Sulfites Selected as Allergen of the Year

Sulfites, present in foods, drinks, pharmaceuticals, and personal care products, have been named the "Allergen of the Year" for 2024 by the American Contact Dermatitis Society (ACDS).

Sulfites are currently not found in most screening patch test series, so may be missed as a relevant contact allergen, Donald V. Belsito, MD, emeritus professor in the Department of Dermatology at Columbia University, New York City, said in his presentation on the Allergen of the Year on March 7 at the ACDS Annual Meeting in San Diego. Sulfites, he noted, are distinct from sulfates, and the groups do not cross-react with each other.

Sodium disulfite, an inorganic compound, belongs to a group of sulfiting agents, which contain the sulfite ion SO32− and include ammonium sulfite, potassium sulfite, and sodium sulfite, Belsito said. Sulfites function as antioxidants and preservatives in a range of products including food and beverages, personal care products, and pharmaceuticals.

The type of sulfite allergy diagnosed by patch testing is type IV hypersensitivity or delayed-type hypersensitivity, where patients present with pruritic, red, scaling macules, papulovesicles, and patches, Belsito told Medscape Medical News. "It is not the type I, immediate hypersensitivity that causes hives and, in some cases, anaphylaxis," he said. Sulfites also can cause these side effects, so correct labeling of food and beverages is important, he noted.

Some common nonoccupational sulfite sources include hair coloring and bleach products, hairspray, tanning lotions, makeup, sunscreens, and deodorants, Belsito said in his presentation. Medications including topical antifungals, topical corticosteroids, and nasal solutions can be culprits, as can water in swimming pools, he noted.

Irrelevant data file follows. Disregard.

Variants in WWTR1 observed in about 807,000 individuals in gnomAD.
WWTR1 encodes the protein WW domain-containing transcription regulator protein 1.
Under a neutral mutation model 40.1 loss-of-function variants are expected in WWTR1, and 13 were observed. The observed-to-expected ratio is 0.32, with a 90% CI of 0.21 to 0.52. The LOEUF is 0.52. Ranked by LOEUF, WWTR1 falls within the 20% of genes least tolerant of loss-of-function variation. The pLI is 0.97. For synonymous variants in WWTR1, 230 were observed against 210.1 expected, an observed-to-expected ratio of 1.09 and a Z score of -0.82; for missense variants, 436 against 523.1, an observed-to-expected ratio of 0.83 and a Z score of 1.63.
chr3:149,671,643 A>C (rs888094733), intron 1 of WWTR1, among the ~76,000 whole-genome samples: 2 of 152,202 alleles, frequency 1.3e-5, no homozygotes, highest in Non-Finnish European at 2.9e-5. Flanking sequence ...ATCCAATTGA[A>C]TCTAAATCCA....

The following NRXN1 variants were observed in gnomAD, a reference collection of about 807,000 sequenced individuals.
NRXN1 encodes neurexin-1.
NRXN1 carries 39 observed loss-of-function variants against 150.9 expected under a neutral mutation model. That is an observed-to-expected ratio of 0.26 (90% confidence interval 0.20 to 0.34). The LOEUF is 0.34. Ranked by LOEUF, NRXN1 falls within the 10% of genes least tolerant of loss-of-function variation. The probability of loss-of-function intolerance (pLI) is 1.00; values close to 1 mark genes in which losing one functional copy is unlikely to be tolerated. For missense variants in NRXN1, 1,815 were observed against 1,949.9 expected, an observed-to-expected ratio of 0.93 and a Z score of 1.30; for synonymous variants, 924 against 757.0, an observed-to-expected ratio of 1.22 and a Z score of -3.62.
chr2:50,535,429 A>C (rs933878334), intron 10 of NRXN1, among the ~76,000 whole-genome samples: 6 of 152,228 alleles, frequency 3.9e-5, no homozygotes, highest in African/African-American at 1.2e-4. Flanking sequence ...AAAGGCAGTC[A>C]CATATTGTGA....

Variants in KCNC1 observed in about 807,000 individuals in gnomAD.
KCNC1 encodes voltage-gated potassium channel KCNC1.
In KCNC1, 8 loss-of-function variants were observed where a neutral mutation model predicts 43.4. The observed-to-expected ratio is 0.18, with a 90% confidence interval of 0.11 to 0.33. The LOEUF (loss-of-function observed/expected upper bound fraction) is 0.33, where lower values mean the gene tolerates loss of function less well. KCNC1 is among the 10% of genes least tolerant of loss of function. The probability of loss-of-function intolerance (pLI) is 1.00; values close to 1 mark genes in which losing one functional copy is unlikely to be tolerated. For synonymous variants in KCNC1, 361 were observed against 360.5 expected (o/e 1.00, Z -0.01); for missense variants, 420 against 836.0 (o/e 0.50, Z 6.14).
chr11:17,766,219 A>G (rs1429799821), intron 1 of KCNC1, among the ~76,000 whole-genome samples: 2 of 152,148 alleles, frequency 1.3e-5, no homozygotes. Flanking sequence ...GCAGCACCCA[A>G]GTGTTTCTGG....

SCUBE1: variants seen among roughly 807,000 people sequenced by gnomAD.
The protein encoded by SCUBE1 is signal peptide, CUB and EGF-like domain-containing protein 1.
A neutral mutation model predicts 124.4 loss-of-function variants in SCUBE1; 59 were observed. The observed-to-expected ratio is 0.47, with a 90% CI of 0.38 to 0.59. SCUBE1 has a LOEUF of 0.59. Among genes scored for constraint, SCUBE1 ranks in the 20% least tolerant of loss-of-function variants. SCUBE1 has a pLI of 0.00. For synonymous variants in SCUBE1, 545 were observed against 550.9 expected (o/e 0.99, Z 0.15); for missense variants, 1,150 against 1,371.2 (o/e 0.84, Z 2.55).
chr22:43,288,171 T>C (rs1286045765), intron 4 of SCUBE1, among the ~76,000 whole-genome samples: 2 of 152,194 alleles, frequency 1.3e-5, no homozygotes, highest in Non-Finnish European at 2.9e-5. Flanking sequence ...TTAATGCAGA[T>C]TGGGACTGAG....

In occupational settings, sulfites may be present not only in food and drink products but also can be used in production of products, such as those used for sterilization during beer and wine fermentation, Belsito said in his presentation. Other potential occupational sources of sulfite exposure include healthcare settings and textile, chemical, rubber, and pharmaceutical manufacturing.

High-sulfite food products (> 100 ppm) to be aware of include dried fruit (raisins and prunes are exceptions), bottled lemon or lime juice (but not frozen products), wine, molasses, grape juice (white, or white, pink, and red sparkling), and pickled cocktail onions, Belsito said.

"Like other contact allergens, the clinical presentation correlates with exposure," he added. A study by the North American Contact Dermatitis Group (NACDG) found that 28.8% of patients positive for sulfite allergy on patch testing presented with facial dermatitis, which was not only related to cosmetics and medications used on the face but also from products, such as shampoo, used on the scalp that dripped onto the face. "The scalp is relatively resistant to the expression of contact allergy and may not be involved at all," he said.

According to the NACDG study, the hands were the second most common site of dermatitis associated with sulfites (20.5%) followed by generalized distribution (13.6%). These sites are to be expected, given the sources of food and beverage, personal care products, and occupational materials, Belsito said.